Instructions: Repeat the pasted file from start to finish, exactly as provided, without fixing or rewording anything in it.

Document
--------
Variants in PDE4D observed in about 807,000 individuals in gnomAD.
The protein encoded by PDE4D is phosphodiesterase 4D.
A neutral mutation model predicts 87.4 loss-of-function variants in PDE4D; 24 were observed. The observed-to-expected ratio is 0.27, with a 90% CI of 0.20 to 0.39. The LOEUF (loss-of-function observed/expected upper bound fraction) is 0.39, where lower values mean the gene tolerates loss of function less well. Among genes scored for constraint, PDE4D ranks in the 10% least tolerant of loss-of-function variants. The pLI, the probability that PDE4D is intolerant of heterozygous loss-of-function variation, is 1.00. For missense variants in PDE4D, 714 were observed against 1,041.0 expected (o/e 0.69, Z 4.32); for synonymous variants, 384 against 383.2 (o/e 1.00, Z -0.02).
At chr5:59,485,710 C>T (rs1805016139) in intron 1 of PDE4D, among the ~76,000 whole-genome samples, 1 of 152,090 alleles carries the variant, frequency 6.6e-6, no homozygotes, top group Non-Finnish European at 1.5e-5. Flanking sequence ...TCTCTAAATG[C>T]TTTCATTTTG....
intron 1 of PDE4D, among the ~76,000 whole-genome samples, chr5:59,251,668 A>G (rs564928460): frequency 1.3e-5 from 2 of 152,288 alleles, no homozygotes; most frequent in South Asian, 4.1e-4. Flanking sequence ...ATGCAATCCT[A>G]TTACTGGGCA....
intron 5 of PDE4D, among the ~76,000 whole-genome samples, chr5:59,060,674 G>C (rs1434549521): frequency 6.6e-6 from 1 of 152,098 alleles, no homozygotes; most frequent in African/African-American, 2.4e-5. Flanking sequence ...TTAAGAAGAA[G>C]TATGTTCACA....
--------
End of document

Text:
Variants in PDE4D observed in about 807,000 individuals in gnomAD.
The protein encoded by PDE4D is phosphodiesterase 4D.
A neutral mutation model predicts 87.4 loss-of-function variants in PDE4D; 24 were observed. The observed-to-expected ratio is 0.27, with a 90% CI of 0.20 to 0.39. The LOEUF (loss-of-function observed/expected upper bound fraction) is 0.39, where lower values mean the gene tolerates loss of function less well. Among genes scored for constraint, PDE4D ranks in the 10% least tolerant of loss-of-function variants. The pLI, the probability that PDE4D is intolerant of heterozygous loss-of-function variation, is 1.00. For missense variants in PDE4D, 714 were observed against 1,041.0 expected (o/e 0.69, Z 4.32); for synonymous variants, 384 against 383.2 (o/e 1.00, Z -0.02).
At chr5:59,485,710 C>T (rs1805016139) in intron 1 of PDE4D, among the ~76,000 whole-genome samples, 1 of 152,090 alleles carries the variant, frequency 6.6e-6, no homozygotes, top group Non-Finnish European at 1.5e-5. Flanking sequence ...TCTCTAAATG[C>T]TTTCATTTTG....
intron 1 of PDE4D, among the ~76,000 whole-genome samples, chr5:59,251,668 A>G (rs564928460): frequency 1.3e-5 from 2 of 152,288 alleles, no homozygotes; most frequent in South Asian, 4.1e-4. Flanking sequence ...ATGCAATCCT[A>G]TTACTGGGCA....
intron 5 of PDE4D, among the ~76,000 whole-genome samples, chr5:59,060,674 G>C (rs1434549521): frequency 6.6e-6 from 1 of 152,098 alleles, no homozygotes; most frequent in African/African-American, 2.4e-5. Flanking sequence ...TTAAGAAGAA[G>C]TATGTTCACA....